I'm also trying to follow a more relevant and paleo lifestyle: I have switched to barefoot running, I practice crossfit training, I have ditched my pillow and am planing to sleep on more ground-like surface, connected to the earth with some grounding sheets I just bought. I'm also trying to loose the habit of craking my back constantly which has caused a loss of motion capacity (something about areas of hyper and hypo-mobility being created by over stimulation of the back).

I've noticed, on this forum and on GCB's forum that some people suffer from violent and sometimes extensive periods of detoxifying when switching abruptly from standard cooked to raw paleo or instincto, forcing them to use digestive plants daily and sometimes for a long period of time.
My plan is to start of with a 50% raw diet, with one meal of raw animal and plant foods (mono-eating or mixing them wisely depending on digestibility) and another of low-temp cooked paleo foods (no grains expect maybe sprouted rice and no dairy, foods always mixed depending on their digestibility, and using less spices possible).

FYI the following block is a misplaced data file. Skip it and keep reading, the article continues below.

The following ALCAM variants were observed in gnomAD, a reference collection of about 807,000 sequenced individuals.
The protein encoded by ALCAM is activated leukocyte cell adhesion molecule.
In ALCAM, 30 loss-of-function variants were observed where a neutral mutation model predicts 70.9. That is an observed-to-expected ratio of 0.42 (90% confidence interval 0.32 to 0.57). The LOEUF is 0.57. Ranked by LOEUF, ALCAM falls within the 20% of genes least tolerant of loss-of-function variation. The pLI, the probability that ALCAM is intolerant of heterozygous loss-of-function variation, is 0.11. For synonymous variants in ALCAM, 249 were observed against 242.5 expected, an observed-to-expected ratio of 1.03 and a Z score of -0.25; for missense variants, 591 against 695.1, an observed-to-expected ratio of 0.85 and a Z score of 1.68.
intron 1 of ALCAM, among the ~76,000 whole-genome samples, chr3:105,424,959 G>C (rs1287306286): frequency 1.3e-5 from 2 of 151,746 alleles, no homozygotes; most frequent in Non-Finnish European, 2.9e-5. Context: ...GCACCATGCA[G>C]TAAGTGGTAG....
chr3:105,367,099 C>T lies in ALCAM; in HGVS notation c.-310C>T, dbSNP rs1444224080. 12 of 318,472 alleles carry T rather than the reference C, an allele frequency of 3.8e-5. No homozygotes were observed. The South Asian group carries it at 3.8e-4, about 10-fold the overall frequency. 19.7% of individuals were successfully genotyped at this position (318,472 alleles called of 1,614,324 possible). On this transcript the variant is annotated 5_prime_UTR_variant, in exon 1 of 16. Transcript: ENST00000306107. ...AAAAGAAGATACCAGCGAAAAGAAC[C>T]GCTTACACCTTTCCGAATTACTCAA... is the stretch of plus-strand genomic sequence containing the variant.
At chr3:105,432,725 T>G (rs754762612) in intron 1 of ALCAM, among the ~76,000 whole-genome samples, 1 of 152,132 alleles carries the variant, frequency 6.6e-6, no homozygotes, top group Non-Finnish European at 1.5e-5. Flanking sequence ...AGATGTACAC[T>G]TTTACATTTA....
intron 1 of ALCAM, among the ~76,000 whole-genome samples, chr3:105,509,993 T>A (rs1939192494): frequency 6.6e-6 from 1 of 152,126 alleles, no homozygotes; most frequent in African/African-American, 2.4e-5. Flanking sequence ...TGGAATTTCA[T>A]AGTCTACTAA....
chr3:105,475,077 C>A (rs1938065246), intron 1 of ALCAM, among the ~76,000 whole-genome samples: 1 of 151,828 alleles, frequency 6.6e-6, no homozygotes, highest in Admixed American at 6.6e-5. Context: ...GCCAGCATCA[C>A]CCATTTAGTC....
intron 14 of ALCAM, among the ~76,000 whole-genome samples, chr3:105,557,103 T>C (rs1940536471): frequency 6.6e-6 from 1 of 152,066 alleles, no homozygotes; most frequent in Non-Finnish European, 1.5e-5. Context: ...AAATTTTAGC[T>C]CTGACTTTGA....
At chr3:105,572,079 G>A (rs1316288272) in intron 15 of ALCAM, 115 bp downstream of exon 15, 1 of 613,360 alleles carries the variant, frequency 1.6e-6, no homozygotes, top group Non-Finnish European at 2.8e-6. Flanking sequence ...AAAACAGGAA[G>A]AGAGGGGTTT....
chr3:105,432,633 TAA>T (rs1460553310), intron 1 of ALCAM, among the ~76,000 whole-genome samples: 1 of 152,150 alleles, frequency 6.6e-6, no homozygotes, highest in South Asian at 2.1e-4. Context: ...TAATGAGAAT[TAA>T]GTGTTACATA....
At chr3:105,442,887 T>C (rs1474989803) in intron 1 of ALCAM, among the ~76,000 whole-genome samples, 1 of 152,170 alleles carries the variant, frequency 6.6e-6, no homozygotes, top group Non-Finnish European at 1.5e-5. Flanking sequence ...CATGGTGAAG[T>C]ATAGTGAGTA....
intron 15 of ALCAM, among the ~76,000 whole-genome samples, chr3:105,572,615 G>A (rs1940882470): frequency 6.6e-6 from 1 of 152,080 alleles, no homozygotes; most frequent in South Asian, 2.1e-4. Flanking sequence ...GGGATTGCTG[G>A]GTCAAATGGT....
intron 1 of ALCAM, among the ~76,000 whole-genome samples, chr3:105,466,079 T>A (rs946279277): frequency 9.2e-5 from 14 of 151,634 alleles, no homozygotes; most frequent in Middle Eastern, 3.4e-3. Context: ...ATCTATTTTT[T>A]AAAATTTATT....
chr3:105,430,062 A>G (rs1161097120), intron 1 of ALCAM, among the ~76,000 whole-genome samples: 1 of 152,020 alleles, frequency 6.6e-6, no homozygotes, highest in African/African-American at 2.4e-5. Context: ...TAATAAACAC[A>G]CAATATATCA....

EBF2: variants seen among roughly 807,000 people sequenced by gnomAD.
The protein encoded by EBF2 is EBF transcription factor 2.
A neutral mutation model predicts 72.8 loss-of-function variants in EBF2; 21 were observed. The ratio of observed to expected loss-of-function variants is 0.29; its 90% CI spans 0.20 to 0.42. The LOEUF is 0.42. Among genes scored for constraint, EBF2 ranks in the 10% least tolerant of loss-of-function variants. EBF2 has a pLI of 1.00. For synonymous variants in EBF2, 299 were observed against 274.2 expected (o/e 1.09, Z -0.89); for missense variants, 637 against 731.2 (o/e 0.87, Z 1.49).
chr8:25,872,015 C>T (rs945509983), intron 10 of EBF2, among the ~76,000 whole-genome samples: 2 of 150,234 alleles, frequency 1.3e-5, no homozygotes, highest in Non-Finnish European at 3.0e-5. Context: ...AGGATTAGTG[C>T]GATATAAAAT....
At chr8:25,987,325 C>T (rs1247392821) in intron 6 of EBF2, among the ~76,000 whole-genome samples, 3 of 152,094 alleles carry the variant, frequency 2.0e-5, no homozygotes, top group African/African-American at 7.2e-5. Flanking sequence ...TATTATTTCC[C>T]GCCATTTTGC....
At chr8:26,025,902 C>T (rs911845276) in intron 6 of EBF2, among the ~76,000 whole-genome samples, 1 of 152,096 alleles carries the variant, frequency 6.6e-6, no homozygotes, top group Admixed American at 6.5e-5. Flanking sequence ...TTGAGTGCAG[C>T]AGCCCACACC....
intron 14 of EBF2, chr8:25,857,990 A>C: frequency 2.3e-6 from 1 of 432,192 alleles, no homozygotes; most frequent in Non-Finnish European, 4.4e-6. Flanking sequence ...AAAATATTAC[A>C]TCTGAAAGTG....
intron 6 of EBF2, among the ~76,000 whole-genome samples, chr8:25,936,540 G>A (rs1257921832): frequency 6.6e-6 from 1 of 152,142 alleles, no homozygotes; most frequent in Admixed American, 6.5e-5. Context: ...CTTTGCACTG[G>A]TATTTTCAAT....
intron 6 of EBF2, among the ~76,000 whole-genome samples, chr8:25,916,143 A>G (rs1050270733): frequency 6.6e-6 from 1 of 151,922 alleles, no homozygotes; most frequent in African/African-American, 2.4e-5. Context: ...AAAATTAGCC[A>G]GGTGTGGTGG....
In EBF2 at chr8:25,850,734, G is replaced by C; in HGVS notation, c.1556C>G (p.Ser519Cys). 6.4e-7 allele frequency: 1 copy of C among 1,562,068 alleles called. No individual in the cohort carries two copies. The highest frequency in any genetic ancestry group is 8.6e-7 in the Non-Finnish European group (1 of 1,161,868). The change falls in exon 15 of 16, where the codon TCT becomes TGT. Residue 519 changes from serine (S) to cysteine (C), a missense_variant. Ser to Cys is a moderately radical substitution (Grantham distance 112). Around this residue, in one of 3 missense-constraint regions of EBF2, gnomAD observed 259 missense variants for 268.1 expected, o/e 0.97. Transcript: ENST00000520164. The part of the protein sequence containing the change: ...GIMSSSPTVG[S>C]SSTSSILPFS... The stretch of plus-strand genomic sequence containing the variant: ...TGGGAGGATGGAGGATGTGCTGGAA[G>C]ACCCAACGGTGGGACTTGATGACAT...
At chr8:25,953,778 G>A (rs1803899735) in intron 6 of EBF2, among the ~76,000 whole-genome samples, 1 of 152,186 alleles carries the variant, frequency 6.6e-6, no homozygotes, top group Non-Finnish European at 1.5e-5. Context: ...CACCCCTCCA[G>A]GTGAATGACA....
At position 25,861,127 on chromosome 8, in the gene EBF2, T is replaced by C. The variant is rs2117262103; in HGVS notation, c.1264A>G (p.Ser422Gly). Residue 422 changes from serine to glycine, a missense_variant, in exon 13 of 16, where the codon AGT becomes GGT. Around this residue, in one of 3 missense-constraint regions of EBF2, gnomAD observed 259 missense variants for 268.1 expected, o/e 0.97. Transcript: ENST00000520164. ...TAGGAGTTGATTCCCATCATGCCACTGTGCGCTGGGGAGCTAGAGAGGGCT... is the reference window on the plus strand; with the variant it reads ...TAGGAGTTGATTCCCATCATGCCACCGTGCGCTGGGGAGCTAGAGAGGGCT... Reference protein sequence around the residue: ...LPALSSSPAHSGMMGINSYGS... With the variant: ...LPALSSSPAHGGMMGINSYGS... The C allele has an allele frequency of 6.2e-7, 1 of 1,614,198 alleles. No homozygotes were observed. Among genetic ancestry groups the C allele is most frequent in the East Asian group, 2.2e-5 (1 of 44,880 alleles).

If for some reason I am unable to eat raw one day or more I compensate the next days with 100% raw foods, up to 3 days so I don't get an excessive detox reaction.
And eating this way for the next three to four years depending on how it feels. the last year would be a slow abandon of cooked food until I'm close to 100% raw. After that it will just be about training my instinct to spot the right foods  ;D I think this way the detoxing will not be as brutal on the body and mind and it will enable me to gently ease into the right way of eating.

I'd like to have your opinion and thoughts though, diet-wise or not.

-Also as a French speaker do you know how I could get a copy of Guy-Claude Burger's "manger vrai"? I've signed up for his forum on instinctotherapy but it doesn't look like he hangs out there that often, as it has been more than a month since I've submitted my  registration and am still not accepted as a member.

-Have you heard about Dominique Guyaux? I've thought about trying out his book about l'alimentation instinctive raisonnée (literally "reasoned instinctive diet" ) but apparently he is currently righting a better version of the book and its theory. That's what I understood from his email.

^I'm pretty sure Iguana might have the answer for these :)

Thank you all for being there! Your forum is so very instructive and enlightening! I'm glad it exists.